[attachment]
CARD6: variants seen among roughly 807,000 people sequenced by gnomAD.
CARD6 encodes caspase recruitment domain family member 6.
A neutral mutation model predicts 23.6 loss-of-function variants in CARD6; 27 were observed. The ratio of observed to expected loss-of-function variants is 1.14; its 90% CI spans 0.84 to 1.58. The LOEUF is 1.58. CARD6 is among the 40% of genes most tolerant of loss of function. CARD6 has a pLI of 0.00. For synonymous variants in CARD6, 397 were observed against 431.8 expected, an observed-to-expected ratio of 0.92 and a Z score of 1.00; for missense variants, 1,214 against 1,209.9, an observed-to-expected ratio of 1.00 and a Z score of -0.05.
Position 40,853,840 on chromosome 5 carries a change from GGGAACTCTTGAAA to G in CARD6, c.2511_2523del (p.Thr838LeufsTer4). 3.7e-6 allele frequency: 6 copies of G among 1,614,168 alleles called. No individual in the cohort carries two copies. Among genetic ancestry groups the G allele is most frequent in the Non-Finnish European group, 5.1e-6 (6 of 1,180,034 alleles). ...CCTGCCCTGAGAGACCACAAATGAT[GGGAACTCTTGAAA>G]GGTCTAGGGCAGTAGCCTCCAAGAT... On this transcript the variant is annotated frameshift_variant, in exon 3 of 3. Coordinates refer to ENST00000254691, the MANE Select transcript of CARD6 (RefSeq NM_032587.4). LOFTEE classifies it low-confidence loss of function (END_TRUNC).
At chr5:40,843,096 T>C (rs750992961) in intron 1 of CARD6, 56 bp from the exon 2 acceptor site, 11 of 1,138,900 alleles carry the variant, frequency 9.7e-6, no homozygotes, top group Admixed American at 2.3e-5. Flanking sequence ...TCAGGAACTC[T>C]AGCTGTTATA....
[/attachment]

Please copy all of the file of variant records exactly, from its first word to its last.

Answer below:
CARD6: variants seen among roughly 807,000 people sequenced by gnomAD.
CARD6 encodes caspase recruitment domain family member 6.
A neutral mutation model predicts 23.6 loss-of-function variants in CARD6; 27 were observed. The ratio of observed to expected loss-of-function variants is 1.14; its 90% CI spans 0.84 to 1.58. The LOEUF is 1.58. CARD6 is among the 40% of genes most tolerant of loss of function. CARD6 has a pLI of 0.00. For synonymous variants in CARD6, 397 were observed against 431.8 expected, an observed-to-expected ratio of 0.92 and a Z score of 1.00; for missense variants, 1,214 against 1,209.9, an observed-to-expected ratio of 1.00 and a Z score of -0.05.
Position 40,853,840 on chromosome 5 carries a change from GGGAACTCTTGAAA to G in CARD6, c.2511_2523del (p.Thr838LeufsTer4). 3.7e-6 allele frequency: 6 copies of G among 1,614,168 alleles called. No individual in the cohort carries two copies. Among genetic ancestry groups the G allele is most frequent in the Non-Finnish European group, 5.1e-6 (6 of 1,180,034 alleles). ...CCTGCCCTGAGAGACCACAAATGAT[GGGAACTCTTGAAA>G]GGTCTAGGGCAGTAGCCTCCAAGAT... On this transcript the variant is annotated frameshift_variant, in exon 3 of 3. Coordinates refer to ENST00000254691, the MANE Select transcript of CARD6 (RefSeq NM_032587.4). LOFTEE classifies it low-confidence loss of function (END_TRUNC).
At chr5:40,843,096 T>C (rs750992961) in intron 1 of CARD6, 56 bp from the exon 2 acceptor site, 11 of 1,138,900 alleles carry the variant, frequency 9.7e-6, no homozygotes, top group Admixed American at 2.3e-5. Flanking sequence ...TCAGGAACTC[T>C]AGCTGTTATA....